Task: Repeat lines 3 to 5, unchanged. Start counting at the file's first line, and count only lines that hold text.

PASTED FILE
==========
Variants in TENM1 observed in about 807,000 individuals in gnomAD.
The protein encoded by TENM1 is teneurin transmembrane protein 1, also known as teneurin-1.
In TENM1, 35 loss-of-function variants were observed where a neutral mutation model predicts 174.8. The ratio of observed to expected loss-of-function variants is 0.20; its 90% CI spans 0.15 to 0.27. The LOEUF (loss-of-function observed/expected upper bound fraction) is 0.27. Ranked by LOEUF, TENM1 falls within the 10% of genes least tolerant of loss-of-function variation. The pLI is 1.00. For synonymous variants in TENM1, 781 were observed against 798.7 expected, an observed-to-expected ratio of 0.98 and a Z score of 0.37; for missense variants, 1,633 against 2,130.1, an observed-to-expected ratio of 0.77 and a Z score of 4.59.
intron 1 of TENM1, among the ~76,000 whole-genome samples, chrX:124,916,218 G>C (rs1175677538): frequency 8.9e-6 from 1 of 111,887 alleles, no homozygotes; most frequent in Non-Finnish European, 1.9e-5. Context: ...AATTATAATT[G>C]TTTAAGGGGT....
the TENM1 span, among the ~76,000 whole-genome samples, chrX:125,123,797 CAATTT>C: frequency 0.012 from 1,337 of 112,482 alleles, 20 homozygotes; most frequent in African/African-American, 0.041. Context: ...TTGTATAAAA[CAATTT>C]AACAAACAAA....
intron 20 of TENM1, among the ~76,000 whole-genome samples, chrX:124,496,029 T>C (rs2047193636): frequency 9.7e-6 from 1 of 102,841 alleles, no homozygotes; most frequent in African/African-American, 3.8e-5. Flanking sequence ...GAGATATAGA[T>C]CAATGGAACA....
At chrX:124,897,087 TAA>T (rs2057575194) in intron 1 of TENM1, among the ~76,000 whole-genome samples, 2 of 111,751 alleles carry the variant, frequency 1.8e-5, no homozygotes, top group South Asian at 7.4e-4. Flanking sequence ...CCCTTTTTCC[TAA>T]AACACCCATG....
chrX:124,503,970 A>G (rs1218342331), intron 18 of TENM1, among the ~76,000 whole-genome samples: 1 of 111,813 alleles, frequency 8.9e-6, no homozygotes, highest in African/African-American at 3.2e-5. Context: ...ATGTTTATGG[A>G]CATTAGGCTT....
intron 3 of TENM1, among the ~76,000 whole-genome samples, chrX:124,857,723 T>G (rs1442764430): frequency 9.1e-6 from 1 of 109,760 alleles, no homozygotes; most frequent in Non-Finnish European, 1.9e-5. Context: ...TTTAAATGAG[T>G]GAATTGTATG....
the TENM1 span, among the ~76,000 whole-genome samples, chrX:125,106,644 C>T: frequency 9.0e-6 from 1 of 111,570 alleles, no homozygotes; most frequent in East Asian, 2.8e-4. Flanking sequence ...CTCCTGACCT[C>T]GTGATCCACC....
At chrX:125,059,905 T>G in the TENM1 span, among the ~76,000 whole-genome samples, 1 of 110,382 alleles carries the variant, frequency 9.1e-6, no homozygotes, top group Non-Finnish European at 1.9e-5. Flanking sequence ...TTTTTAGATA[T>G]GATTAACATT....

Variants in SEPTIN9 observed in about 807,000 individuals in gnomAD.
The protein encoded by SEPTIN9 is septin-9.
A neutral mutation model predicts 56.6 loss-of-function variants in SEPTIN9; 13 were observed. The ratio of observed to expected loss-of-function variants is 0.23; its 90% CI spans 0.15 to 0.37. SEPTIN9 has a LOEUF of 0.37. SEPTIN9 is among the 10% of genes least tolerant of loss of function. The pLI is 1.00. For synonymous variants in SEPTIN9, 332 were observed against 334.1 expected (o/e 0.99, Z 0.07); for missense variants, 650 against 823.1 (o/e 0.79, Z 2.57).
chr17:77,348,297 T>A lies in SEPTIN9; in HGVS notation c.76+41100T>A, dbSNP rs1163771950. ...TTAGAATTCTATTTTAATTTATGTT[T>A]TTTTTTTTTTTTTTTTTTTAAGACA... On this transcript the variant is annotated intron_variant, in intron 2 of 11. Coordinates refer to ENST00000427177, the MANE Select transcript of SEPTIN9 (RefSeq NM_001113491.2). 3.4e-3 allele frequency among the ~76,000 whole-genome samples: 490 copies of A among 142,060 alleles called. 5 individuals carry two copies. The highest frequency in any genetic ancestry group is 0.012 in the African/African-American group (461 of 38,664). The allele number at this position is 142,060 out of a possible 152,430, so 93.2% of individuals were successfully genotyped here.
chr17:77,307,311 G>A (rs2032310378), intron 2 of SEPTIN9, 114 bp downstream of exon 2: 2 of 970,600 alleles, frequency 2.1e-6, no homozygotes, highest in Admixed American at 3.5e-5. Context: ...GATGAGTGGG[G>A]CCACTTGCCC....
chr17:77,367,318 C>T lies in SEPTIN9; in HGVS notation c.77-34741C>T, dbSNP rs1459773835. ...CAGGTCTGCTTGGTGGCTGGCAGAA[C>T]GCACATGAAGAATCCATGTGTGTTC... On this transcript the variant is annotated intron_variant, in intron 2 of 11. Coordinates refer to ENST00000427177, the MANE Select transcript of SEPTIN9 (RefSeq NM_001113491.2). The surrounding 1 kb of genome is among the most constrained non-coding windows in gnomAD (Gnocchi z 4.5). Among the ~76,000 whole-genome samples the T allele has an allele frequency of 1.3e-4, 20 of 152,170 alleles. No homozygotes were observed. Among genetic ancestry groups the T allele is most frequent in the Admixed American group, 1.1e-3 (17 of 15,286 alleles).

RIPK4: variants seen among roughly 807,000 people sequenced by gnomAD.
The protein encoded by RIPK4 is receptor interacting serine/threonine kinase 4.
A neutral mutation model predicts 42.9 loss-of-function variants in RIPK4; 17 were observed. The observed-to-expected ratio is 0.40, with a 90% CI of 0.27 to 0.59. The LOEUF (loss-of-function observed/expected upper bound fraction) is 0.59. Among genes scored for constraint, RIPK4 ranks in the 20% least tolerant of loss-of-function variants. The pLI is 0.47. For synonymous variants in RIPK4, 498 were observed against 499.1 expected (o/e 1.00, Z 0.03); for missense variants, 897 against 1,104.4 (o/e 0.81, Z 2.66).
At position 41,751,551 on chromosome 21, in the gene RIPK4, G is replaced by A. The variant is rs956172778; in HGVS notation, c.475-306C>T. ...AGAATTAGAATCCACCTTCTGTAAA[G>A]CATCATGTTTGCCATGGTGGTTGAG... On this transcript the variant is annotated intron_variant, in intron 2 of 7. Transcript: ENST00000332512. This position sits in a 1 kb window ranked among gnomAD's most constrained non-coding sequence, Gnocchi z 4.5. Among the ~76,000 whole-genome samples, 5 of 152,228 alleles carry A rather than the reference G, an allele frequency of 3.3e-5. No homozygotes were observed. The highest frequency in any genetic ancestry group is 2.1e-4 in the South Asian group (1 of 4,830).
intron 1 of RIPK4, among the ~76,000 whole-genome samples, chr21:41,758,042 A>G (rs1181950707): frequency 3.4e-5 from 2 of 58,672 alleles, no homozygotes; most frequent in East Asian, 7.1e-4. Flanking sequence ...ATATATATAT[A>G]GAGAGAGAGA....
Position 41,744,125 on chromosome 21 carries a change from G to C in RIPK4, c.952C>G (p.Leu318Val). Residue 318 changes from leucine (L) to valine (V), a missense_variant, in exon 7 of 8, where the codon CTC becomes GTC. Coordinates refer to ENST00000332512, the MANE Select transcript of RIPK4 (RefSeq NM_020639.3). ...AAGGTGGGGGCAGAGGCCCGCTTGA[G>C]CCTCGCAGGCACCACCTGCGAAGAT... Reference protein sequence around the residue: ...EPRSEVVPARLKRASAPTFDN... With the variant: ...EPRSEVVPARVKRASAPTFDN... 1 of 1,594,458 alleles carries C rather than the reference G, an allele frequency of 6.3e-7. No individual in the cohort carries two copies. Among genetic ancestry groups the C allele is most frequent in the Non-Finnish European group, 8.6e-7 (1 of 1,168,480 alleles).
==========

In TENM1, 35 loss-of-function variants were observed where a neutral mutation model predicts 174.8. The ratio of observed to expected loss-of-function variants is 0.20; its 90% CI spans 0.15 to 0.27. The LOEUF (loss-of-function observed/expected upper bound fraction) is 0.27. Ranked by LOEUF, TENM1 falls within the 10% of genes least tolerant of loss-of-function variation. The pLI is 1.00. For synonymous variants in TENM1, 781 were observed against 798.7 expected, an observed-to-expected ratio of 0.98 and a Z score of 0.37; for missense variants, 1,633 against 2,130.1, an observed-to-expected ratio of 0.77 and a Z score of 4.59.
intron 1 of TENM1, among the ~76,000 whole-genome samples, chrX:124,916,218 G>C (rs1175677538): frequency 8.9e-6 from 1 of 111,887 alleles, no homozygotes; most frequent in Non-Finnish European, 1.9e-5. Context: ...AATTATAATT[G>C]TTTAAGGGGT....
the TENM1 span, among the ~76,000 whole-genome samples, chrX:125,123,797 CAATTT>C: frequency 0.012 from 1,337 of 112,482 alleles, 20 homozygotes; most frequent in African/African-American, 0.041. Context: ...TTGTATAAAA[CAATTT>C]AACAAACAAA....